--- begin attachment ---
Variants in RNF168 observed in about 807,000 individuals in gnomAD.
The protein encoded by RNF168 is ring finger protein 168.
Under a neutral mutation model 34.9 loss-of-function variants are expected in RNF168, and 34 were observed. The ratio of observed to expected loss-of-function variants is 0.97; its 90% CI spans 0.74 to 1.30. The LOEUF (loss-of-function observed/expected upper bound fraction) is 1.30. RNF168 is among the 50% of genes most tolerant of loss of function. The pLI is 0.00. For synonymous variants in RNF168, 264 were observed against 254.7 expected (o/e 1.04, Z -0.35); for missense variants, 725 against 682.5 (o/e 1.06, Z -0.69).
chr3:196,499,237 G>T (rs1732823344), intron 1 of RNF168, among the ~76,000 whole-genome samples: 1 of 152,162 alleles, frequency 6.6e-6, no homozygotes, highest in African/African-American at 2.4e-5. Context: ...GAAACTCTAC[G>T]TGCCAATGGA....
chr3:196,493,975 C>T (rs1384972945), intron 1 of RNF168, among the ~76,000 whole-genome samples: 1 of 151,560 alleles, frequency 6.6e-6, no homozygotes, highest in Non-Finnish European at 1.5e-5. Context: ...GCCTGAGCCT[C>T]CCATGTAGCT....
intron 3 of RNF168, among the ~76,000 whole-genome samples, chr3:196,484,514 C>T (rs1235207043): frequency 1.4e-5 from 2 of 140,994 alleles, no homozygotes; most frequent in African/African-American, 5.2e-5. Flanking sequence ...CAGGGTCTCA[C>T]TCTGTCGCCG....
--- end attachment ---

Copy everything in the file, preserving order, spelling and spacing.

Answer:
Variants in RNF168 observed in about 807,000 individuals in gnomAD.
The protein encoded by RNF168 is ring finger protein 168.
Under a neutral mutation model 34.9 loss-of-function variants are expected in RNF168, and 34 were observed. The ratio of observed to expected loss-of-function variants is 0.97; its 90% CI spans 0.74 to 1.30. The LOEUF (loss-of-function observed/expected upper bound fraction) is 1.30. RNF168 is among the 50% of genes most tolerant of loss of function. The pLI is 0.00. For synonymous variants in RNF168, 264 were observed against 254.7 expected (o/e 1.04, Z -0.35); for missense variants, 725 against 682.5 (o/e 1.06, Z -0.69).
chr3:196,499,237 G>T (rs1732823344), intron 1 of RNF168, among the ~76,000 whole-genome samples: 1 of 152,162 alleles, frequency 6.6e-6, no homozygotes, highest in African/African-American at 2.4e-5. Context: ...GAAACTCTAC[G>T]TGCCAATGGA....
chr3:196,493,975 C>T (rs1384972945), intron 1 of RNF168, among the ~76,000 whole-genome samples: 1 of 151,560 alleles, frequency 6.6e-6, no homozygotes, highest in Non-Finnish European at 1.5e-5. Context: ...GCCTGAGCCT[C>T]CCATGTAGCT....
intron 3 of RNF168, among the ~76,000 whole-genome samples, chr3:196,484,514 C>T (rs1235207043): frequency 1.4e-5 from 2 of 140,994 alleles, no homozygotes; most frequent in African/African-American, 5.2e-5. Flanking sequence ...CAGGGTCTCA[C>T]TCTGTCGCCG....